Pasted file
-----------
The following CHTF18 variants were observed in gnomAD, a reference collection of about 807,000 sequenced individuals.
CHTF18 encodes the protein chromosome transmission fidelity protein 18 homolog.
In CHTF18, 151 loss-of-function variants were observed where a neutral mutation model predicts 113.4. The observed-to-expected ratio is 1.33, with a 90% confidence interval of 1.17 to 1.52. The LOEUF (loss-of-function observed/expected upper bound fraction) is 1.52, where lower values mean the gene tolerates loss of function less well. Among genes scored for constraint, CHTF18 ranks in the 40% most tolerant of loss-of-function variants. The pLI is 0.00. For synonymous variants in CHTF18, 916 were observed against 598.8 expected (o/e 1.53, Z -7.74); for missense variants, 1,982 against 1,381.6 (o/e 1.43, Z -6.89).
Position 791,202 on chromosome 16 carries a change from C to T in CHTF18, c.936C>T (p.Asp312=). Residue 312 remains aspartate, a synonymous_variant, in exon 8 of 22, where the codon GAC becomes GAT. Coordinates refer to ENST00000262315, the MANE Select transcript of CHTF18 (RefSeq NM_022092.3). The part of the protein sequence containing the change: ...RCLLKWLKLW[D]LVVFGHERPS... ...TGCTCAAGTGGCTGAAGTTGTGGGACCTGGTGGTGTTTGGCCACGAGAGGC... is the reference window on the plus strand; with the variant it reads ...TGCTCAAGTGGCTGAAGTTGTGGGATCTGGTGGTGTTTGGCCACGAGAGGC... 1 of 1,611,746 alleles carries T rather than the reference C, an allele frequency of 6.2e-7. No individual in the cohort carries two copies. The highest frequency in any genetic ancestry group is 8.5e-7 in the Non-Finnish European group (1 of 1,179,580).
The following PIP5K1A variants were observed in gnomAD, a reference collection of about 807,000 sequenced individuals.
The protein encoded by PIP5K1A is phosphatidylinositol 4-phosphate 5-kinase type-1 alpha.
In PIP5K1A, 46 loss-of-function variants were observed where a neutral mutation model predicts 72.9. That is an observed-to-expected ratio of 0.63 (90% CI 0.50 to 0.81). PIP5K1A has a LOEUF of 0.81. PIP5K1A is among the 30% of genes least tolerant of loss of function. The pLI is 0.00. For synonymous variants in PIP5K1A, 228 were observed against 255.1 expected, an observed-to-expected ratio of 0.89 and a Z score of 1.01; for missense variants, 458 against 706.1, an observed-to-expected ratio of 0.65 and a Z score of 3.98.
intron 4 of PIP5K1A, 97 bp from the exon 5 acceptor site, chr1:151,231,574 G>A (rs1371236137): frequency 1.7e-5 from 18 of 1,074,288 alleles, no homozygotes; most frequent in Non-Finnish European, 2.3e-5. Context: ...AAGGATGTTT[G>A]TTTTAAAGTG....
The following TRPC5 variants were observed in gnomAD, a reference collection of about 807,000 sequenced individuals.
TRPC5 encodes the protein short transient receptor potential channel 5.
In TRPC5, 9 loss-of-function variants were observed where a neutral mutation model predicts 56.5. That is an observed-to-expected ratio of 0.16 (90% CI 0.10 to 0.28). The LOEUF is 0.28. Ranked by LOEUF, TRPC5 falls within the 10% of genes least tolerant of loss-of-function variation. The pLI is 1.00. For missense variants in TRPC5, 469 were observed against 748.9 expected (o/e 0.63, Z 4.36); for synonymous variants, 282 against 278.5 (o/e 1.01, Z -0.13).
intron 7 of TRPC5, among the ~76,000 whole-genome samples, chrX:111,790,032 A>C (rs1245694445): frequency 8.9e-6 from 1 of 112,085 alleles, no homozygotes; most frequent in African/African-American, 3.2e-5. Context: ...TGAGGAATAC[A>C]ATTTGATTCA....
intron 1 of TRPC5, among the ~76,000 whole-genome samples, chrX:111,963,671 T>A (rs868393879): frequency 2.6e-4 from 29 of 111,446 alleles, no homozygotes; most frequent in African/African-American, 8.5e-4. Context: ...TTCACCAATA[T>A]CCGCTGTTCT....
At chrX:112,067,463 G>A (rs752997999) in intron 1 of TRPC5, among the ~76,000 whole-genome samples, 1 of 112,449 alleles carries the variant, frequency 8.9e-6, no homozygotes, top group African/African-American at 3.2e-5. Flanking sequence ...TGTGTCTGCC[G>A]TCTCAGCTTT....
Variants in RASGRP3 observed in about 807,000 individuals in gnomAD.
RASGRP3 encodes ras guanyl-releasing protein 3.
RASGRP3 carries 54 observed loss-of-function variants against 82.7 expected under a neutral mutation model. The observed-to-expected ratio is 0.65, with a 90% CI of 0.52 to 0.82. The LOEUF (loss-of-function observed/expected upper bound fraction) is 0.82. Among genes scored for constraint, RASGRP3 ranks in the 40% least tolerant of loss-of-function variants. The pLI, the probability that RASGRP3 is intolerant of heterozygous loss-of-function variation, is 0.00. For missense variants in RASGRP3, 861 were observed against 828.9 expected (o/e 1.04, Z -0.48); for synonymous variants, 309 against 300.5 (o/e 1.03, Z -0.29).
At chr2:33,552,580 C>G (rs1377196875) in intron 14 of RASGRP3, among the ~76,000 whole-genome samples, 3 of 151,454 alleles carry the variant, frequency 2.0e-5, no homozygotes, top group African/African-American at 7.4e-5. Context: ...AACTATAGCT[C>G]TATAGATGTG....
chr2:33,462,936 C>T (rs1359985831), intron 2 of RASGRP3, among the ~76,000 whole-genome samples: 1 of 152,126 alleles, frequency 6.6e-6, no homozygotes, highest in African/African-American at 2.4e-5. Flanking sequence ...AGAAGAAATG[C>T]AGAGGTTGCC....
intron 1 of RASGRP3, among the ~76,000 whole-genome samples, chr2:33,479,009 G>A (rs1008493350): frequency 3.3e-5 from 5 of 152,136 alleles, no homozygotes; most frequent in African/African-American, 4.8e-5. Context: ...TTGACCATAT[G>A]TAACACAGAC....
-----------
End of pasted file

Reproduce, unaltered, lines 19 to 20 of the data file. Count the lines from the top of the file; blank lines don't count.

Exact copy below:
chr2:33,462,936 C>T (rs1359985831), intron 2 of RASGRP3, among the ~76,000 whole-genome samples: 1 of 152,126 alleles, frequency 6.6e-6, no homozygotes, highest in African/African-American at 2.4e-5. Flanking sequence ...AGAAGAAATG[C>T]AGAGGTTGCC....
intron 1 of RASGRP3, among the ~76,000 whole-genome samples, chr2:33,479,009 G>A (rs1008493350): frequency 3.3e-5 from 5 of 152,136 alleles, no homozygotes; most frequent in African/African-American, 4.8e-5. Context: ...TTGACCATAT[G>A]TAACACAGAC....